Pope Francis says, ‘I prefer a church which is bruised, hurting and dirty because it has been out on the streets, rather than a church which is unhealthy from being confined and from clinging to its own security. I do not want a church concerned with being at the centre and then ends up by being caught up in a web of obsessions and procedures.’ He wants to introduce into the Church what he calls ‘the culture of encounter’ if the church is able to heal wounds and warm hearts.’
Pope Francis calls us to head for the peripheries. A Church closed in on itself, paralysed by fear, and remote from lives of people cannot offer the genuine light of the Gospel. He continues, ‘We cannot passively and calmly wait in our church building.’ ‘The Gospel constantly invites us to run the risk of a face-to-face encounter with others.’ The gospel is done in public! Isaiah says that our institutional and religious piety cannot save us if we are immune to the cries of the poor and the pain of creation. Religious practices need to be mated with care for the Earth’s most vulnerable. Prayers must be joined with protest. Fasting must be include fairness and justice. Religion was profoundly political in Isaiah’s time as in ours. Religion can heal or harm. Ask First Nations peoples, women and LGBTIQ+ people. It can restore or destroy. We should resist any attempts to draw ourselves from the pain people and the Earth.
God is invested permanently in this world through the breath and life (salt and light) of each of God’s children—created in God’s image. And this investment, like the preserving qualities of salt of which Jesus and his followers knew and depended on all too well, endures. Then, Jesus throws a wrench in this image — ‘But if salt has lost its taste, how can its saltiness be restored? It is no longer good for anything, but is thrown out and trampled underfoot.’ (5:13b) Humanity – each one of God’s precious children – is the salt of the earth. Each one of us, and each of our neighbours, both far and wide, is indispensable to God’s covenant relationship with us and creation itself. No amount of executive orders, political posturing, tailored rhetoric, or self-aggrandisement can change God’s commitment to each of God’s children.
Both Isaiah and Jesus call us to go beyond the religious teachers in their so called righteousness and morality.The bar is often set very low. Many religious leaders bow before the agenda of capitalist earth destroying politicians; they bow before the capitalist, earth-destroying agenda of politicians in their personal and institutional greed and immorality as they try to make ‘America’ or ‘Australia’ or the ‘church’ great again; when militarism increases, war is threatened, human rights and dissent diminishing; racism and racist policies advocated. Yet, in the face there is over concern with the institution and silence in the face of these abuses.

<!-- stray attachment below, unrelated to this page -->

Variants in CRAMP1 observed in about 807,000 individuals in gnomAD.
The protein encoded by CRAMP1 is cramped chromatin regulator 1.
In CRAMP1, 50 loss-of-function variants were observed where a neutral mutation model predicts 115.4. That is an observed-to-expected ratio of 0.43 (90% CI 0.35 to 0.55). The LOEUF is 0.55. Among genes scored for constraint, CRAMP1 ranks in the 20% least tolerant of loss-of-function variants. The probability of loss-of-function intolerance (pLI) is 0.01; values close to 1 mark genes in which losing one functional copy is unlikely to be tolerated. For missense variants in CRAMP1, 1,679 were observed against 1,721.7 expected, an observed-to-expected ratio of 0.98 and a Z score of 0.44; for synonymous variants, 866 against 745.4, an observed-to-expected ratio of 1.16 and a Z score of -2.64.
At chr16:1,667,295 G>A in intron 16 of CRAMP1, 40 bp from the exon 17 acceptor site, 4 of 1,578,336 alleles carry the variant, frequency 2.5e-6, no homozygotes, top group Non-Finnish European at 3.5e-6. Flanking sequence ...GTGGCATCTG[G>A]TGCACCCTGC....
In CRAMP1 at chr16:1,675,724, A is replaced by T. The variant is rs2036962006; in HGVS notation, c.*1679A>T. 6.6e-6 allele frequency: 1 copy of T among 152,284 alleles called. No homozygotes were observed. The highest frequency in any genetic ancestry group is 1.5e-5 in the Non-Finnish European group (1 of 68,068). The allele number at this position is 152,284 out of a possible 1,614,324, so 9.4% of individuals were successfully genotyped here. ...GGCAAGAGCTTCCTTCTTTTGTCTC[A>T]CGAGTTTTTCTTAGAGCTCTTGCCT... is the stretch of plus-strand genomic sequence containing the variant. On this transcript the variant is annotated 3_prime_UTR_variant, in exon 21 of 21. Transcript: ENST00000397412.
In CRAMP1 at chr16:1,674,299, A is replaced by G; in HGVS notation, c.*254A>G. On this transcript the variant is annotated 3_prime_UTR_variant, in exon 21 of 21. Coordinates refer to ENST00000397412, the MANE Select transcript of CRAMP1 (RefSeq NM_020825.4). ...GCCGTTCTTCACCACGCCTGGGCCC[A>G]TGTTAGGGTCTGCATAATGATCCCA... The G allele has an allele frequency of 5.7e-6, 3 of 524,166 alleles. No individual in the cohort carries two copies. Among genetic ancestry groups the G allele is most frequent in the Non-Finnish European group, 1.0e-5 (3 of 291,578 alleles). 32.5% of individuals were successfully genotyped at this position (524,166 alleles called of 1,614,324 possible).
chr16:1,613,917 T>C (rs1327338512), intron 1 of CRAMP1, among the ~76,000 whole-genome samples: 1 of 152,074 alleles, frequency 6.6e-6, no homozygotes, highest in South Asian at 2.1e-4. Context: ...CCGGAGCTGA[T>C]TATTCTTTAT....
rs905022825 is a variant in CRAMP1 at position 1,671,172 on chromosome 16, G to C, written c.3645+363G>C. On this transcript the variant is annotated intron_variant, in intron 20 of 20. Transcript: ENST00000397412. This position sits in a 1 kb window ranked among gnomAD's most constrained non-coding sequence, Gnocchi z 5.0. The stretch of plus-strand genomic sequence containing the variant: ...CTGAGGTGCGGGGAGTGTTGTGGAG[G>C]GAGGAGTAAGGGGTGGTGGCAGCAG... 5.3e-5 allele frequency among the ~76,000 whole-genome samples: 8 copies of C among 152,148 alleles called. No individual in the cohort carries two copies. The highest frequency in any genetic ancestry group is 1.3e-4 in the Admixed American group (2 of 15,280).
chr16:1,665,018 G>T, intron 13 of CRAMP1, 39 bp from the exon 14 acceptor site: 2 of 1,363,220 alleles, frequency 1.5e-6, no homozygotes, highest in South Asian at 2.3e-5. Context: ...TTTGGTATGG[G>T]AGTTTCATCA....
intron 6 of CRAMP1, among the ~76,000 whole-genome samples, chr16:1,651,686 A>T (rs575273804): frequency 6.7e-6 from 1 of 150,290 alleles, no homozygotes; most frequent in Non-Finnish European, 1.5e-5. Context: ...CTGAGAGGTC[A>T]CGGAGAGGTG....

We are challenged to listen for God’s voice everywhere despite the fact that Jesus’ words seem so far removed from our national ethos. What do we make of a sermon that declares the poor blessed and commands us to love our enemies?
Jesus words are a call to resistance. His words have always been subversive and countercultural. They are meant to uproot and overturn a ‘regime’ built on economic power and other forms of violence. The core teaching of nonviolence and the insistence on the blessing of those who are powerless is does not allow for passivity or acceptance of abusive authority. Jesus blessed those on the margins his culture and society by embracing them, being in solidarity with them, and building community with those who have always been shunned. The followers of Jesus, who put flesh on the bones of his words ‘flavour’ the world around them with love, compassion, courage truth, justice and peace. Many do share the light of God’s love and make a difference in their actions of welcoming refugees and immigrants, standing up for their rights, advocating for them with those in government, protesting unjust policies towards people who are living with disability, people who are LGBTIQ+, youth on our streets, and befriend them when we can giving a message that hate has no place inour lives. It is not enough to know about God. We have to be the activity of God in the World. We are called to live out our identity as salt and light.
For Compiled by Claude Mostowik msc,
Director of Missionaries of the Sacred Heart Justice and Peace Centre, Enmore, NSW
President, Pax Christi Australia
Convenor, Pax Christi Australia (NSW)